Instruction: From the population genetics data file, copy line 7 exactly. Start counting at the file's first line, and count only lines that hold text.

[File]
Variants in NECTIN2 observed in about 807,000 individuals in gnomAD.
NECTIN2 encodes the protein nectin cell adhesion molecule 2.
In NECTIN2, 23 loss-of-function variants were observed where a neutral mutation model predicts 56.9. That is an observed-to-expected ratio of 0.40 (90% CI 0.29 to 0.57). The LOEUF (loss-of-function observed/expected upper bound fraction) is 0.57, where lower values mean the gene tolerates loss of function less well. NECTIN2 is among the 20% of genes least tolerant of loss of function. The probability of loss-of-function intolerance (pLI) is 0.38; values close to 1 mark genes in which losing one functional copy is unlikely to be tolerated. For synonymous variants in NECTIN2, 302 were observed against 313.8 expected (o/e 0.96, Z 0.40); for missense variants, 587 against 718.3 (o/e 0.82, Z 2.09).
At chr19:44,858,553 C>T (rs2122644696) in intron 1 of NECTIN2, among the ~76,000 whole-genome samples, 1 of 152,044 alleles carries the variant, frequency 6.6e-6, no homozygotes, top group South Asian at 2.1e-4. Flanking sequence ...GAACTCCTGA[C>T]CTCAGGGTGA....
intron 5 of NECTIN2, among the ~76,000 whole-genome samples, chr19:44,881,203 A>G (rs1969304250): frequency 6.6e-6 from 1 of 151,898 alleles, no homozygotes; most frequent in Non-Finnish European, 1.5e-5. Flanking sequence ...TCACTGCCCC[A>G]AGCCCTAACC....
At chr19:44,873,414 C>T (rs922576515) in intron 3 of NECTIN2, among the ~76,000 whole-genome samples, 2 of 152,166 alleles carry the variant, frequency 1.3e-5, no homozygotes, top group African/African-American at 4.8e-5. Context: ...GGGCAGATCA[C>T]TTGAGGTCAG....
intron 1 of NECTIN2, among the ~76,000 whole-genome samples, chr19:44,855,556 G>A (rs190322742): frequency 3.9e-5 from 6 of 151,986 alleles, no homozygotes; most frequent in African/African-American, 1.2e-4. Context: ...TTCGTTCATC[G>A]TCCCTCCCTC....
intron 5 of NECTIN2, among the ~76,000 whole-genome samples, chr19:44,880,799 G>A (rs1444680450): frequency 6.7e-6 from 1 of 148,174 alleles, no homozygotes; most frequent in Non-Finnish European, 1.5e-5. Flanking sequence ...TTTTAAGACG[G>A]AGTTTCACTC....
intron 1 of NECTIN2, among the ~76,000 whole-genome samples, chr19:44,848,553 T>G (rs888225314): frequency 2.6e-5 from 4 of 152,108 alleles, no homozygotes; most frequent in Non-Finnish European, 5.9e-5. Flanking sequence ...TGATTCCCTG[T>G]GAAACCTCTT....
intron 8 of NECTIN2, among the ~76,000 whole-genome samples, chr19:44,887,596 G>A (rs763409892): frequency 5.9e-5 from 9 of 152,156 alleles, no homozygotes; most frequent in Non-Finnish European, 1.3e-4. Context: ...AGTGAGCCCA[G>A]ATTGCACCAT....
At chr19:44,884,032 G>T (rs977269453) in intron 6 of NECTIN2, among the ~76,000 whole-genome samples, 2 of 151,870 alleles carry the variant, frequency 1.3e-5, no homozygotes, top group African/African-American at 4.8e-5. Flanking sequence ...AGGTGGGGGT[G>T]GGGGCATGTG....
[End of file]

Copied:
intron 1 of NECTIN2, among the ~76,000 whole-genome samples, chr19:44,855,556 G>A (rs190322742): frequency 3.9e-5 from 6 of 151,986 alleles, no homozygotes; most frequent in African/African-American, 1.2e-4. Context: ...TTCGTTCATC[G>A]TCCCTCCCTC....